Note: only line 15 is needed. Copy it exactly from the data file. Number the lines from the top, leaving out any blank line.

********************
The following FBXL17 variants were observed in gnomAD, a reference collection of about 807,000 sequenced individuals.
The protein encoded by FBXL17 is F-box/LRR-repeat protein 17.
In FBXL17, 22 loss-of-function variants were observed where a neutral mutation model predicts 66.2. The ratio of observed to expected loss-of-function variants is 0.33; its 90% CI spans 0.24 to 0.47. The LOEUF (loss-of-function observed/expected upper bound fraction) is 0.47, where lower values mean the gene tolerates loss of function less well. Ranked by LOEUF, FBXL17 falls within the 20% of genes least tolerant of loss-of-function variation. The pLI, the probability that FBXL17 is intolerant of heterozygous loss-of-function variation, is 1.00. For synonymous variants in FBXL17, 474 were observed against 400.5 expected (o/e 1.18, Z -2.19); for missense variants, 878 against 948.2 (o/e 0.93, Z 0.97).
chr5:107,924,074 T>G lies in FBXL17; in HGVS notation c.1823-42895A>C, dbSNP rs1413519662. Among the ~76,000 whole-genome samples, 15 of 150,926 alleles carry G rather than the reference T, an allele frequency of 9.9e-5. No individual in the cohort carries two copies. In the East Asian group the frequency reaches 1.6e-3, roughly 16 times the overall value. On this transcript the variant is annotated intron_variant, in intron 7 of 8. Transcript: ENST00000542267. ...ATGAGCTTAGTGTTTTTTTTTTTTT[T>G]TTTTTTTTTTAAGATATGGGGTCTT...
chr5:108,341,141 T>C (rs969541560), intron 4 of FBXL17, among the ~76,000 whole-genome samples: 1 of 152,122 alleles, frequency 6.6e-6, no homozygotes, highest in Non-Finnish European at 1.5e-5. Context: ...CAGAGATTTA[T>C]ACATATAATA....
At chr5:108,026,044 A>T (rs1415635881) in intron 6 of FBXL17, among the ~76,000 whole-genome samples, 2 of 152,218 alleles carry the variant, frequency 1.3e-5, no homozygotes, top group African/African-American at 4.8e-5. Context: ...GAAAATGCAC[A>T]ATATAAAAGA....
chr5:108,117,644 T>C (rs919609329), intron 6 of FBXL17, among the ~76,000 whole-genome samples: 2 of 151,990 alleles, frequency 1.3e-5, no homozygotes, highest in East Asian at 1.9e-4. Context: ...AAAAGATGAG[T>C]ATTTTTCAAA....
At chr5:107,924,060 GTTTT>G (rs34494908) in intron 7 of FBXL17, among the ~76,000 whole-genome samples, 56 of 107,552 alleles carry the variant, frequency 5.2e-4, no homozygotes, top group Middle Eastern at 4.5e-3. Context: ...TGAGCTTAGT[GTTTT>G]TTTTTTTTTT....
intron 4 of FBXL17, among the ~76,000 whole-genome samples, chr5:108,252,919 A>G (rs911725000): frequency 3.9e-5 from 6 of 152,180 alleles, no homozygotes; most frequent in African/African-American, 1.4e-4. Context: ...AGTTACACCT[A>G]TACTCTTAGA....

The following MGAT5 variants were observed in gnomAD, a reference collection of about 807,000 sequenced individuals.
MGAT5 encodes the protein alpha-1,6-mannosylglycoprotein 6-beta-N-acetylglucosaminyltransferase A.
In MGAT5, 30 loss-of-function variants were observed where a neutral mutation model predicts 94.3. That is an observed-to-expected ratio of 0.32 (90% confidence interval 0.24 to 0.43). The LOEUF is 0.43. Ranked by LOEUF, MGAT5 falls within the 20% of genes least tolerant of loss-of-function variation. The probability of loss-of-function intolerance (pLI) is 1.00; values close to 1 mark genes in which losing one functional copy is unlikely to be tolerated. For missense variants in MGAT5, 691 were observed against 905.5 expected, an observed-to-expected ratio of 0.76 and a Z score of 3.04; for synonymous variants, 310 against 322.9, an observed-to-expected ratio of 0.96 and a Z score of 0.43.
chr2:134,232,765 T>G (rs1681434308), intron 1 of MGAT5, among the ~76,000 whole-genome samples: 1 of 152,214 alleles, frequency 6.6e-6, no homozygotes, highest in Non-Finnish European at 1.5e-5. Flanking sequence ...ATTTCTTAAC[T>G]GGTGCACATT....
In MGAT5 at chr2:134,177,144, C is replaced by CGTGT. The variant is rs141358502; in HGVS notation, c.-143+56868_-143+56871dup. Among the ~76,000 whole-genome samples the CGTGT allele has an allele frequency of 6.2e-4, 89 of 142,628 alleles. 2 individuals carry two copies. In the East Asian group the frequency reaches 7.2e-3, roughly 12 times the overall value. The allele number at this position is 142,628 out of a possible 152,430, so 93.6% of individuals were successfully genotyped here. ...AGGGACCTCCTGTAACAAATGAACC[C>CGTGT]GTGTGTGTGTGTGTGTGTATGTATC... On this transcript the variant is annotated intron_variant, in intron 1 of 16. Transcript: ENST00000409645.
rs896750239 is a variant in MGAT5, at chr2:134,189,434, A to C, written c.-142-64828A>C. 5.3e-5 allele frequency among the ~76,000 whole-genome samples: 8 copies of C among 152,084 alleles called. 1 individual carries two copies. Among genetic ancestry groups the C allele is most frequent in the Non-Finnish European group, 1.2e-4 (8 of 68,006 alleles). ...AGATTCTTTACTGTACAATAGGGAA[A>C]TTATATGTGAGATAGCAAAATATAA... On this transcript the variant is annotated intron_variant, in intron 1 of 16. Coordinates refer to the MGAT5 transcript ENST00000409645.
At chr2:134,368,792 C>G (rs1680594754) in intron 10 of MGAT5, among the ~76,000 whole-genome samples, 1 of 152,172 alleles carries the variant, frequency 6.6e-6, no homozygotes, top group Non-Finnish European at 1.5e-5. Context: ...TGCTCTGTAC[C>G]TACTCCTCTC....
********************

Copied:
rs896750239 is a variant in MGAT5, at chr2:134,189,434, A to C, written c.-142-64828A>C. 5.3e-5 allele frequency among the ~76,000 whole-genome samples: 8 copies of C among 152,084 alleles called. 1 individual carries two copies. Among genetic ancestry groups the C allele is most frequent in the Non-Finnish European group, 1.2e-4 (8 of 68,006 alleles). ...AGATTCTTTACTGTACAATAGGGAA[A>C]TTATATGTGAGATAGCAAAATATAA... On this transcript the variant is annotated intron_variant, in intron 1 of 16. Coordinates refer to the MGAT5 transcript ENST00000409645.